By NICHOLE GOLDEN, Editor | Published October 18, 2023
ATLANTA—United in a common commitment to end the death penalty, dozens of faith leaders and advocates assembled outside the Georgia State Capitol Oct. 10 for a prayer vigil.
More than 50 people gathered in front of the capitol for World Day Against the Death Penalty. A coffee and conversation event preceded the noon service.
The Archdiocese of Atlanta joined Georgians for Alternatives to the Death Penalty (GFADP), the Faith Leaders of Color Coalition, the Episcopal Diocese of Atlanta, Central Presbyterian Church and Ebenezer Baptist Church in sponsoring the event.
“It’s a beautiful day to end the death penalty in Georgia and the world. Your presence here today matters,” said Cathy Harmon-Christian, executive director of GFADP.
Harmon-Christian said there’s a clear trend in public opinion to move away from capital punishment. “But the U.S. remains an outlier,” in its continued application globally, she said.
Harmon-Christian shared that the United States has the fifth highest number of executions behind China, Egypt, Iran and Saudi Arabia.
Archbishop Gregory J. Hartmayer, OFM Conv., offered remarks and prayer, standing with leaders of Christian, Jewish and Muslim communities and other faith traditions.
The archbishop said that there is strength in speaking as a united interfaith community. He said the Catholic Church is “unequivocal in its rejection of the capital punishment” and that the teaching has developed over time.
In 2018, Pope Francis asked that the Catechism be updated to include that the death penalty is inadmissible because it is an attack on the inviolability and dignity of the person.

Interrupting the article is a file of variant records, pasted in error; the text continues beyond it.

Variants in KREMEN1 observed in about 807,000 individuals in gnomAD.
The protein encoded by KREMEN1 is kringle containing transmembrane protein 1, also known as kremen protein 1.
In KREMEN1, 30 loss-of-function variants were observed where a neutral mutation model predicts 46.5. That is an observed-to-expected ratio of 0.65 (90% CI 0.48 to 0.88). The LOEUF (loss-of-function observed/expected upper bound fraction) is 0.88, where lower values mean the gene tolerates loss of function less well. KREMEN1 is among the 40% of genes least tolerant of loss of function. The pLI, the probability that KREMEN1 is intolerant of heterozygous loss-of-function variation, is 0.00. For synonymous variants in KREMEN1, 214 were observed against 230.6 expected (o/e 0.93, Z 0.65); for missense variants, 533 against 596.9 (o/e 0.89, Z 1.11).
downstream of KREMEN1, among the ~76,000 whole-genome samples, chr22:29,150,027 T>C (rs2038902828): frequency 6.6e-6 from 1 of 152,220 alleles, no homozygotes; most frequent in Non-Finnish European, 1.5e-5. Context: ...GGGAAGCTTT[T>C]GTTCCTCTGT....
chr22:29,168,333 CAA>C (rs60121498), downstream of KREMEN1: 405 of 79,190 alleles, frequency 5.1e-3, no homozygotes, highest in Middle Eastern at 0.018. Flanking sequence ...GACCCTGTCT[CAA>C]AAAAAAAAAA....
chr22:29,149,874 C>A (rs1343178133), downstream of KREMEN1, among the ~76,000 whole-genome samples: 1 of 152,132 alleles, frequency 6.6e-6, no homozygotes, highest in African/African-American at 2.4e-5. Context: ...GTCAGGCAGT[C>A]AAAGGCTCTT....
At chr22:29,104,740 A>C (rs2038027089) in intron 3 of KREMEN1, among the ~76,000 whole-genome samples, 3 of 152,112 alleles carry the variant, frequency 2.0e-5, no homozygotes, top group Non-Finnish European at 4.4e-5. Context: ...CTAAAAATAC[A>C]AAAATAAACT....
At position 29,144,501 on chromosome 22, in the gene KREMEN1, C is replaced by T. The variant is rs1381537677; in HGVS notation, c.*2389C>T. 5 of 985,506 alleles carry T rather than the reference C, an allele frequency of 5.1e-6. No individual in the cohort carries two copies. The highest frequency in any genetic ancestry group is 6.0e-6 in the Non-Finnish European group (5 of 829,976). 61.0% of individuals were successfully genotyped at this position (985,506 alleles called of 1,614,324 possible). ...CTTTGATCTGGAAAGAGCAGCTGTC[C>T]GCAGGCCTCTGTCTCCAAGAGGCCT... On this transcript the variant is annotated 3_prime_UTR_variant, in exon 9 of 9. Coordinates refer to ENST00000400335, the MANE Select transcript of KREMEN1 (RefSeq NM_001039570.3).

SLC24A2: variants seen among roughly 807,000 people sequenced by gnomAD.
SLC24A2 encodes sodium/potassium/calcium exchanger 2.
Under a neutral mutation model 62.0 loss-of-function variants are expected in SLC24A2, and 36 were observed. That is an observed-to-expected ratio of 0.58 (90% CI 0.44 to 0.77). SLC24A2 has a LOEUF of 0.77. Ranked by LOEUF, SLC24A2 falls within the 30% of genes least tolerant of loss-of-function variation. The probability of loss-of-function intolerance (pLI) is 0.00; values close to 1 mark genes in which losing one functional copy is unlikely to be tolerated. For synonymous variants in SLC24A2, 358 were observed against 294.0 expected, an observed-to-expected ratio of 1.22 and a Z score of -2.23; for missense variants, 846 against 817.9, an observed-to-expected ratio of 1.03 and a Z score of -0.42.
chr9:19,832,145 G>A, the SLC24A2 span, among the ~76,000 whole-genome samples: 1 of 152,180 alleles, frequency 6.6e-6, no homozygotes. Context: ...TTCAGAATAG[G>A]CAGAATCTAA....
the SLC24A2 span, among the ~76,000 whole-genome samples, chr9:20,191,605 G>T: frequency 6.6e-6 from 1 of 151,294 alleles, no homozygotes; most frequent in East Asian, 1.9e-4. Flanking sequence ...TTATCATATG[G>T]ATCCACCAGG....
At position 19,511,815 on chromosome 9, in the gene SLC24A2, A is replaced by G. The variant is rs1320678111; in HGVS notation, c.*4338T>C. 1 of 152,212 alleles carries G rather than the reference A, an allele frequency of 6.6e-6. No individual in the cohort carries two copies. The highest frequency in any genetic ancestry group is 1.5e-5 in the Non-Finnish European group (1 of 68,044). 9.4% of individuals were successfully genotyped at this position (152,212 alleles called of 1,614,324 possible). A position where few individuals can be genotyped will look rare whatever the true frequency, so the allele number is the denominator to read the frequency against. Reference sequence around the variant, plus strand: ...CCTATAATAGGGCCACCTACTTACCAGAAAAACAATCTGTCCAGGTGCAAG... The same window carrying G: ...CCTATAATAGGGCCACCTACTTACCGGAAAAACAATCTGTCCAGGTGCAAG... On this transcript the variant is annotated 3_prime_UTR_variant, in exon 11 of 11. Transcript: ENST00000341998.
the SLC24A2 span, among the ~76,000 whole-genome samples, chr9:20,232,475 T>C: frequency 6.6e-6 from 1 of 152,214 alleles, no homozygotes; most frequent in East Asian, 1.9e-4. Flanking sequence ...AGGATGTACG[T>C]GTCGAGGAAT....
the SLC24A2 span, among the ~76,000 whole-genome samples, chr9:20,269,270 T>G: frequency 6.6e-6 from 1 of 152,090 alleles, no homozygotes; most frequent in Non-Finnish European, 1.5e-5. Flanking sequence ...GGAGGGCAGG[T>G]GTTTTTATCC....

It is “contrary to the Gospel because it entails the willful suppression of a human life that never ceases to be sacred in the eyes of the creator,” said Archbishop Hartmayer, summarizing the pope’s teaching.
The archbishop said that belief in dignity of all humanity demands us to reject the death penalty, and actively work for its abolition in the state, country and the world.
“I have seen firsthand how even one person—one person’s commitment to life—can make an impact,” said Archbishop Hartmayer.
In 2016, Father Rene Robert a priest of St. Augustine, Florida, was kidnapped and murdered by Steven Murray. The murder occurred with the Diocese of Savannah when Archbishop Hartmayer was the bishop there.
Father Robert had signed a declaration of life asking that should he ever be murdered the killer be spared from the death penalty.
Archbishop Hartmayer joined other bishops in pleading with the district attorney to honor the late priest’s wishes. Murray was sentenced to life without parole.
“We know that Father Rene’s declaration of life played a part in this outcome,” said the archbishop.
Father Robert’s life is proof that an individual can make a difference in a complicated issue, he said.
“Let us all dream for a moment. What impact could we all have together? And then let us make that dream a reality,” said Archbishop Hartmayer.
He concluded with prayer for victims of violence and those on death row, for the innocent to be freed and that the guilty come to acknowledge their faults and seek reconciliation.
“Give us wisdom and a heart filled with your love” to build a society that truly chooses life in all circumstances, prayed the archbishop.
Bishop Robert Wright of the Episcopal Diocese of Atlanta also offered prayer and reflection at the vigil. Bishop Wright said that when he became a bishop, he realized that while he opposed the death penalty, he had not applied much faith in action. After spending time to “draw near” to death row inmates, he began to entertain the lawyer’s question to Jesus, “Who is my neighbor?”
“We kill people, that’s what we do. I learned that capital punishment as it’s practiced in Georgia … is state-sanctioned mob violence. Worse than that it’s predicated on a tragic lie,” he said.